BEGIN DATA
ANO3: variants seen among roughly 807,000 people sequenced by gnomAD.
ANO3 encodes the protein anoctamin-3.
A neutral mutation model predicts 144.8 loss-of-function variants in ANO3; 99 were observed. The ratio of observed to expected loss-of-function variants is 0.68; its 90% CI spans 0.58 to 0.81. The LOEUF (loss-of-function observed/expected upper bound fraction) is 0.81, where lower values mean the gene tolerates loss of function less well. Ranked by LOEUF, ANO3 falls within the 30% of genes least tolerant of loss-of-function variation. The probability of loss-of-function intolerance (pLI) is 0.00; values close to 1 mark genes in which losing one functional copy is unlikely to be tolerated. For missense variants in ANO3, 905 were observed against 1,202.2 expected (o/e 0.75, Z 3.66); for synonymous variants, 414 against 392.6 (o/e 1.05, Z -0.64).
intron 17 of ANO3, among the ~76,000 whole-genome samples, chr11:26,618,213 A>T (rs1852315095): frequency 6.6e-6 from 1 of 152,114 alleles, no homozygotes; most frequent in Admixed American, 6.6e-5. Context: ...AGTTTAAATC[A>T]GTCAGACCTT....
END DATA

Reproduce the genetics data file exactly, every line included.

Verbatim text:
ANO3: variants seen among roughly 807,000 people sequenced by gnomAD.
ANO3 encodes the protein anoctamin-3.
A neutral mutation model predicts 144.8 loss-of-function variants in ANO3; 99 were observed. The ratio of observed to expected loss-of-function variants is 0.68; its 90% CI spans 0.58 to 0.81. The LOEUF (loss-of-function observed/expected upper bound fraction) is 0.81, where lower values mean the gene tolerates loss of function less well. Ranked by LOEUF, ANO3 falls within the 30% of genes least tolerant of loss-of-function variation. The probability of loss-of-function intolerance (pLI) is 0.00; values close to 1 mark genes in which losing one functional copy is unlikely to be tolerated. For missense variants in ANO3, 905 were observed against 1,202.2 expected (o/e 0.75, Z 3.66); for synonymous variants, 414 against 392.6 (o/e 1.05, Z -0.64).
intron 17 of ANO3, among the ~76,000 whole-genome samples, chr11:26,618,213 A>T (rs1852315095): frequency 6.6e-6 from 1 of 152,114 alleles, no homozygotes; most frequent in Admixed American, 6.6e-5. Context: ...AGTTTAAATC[A>T]GTCAGACCTT....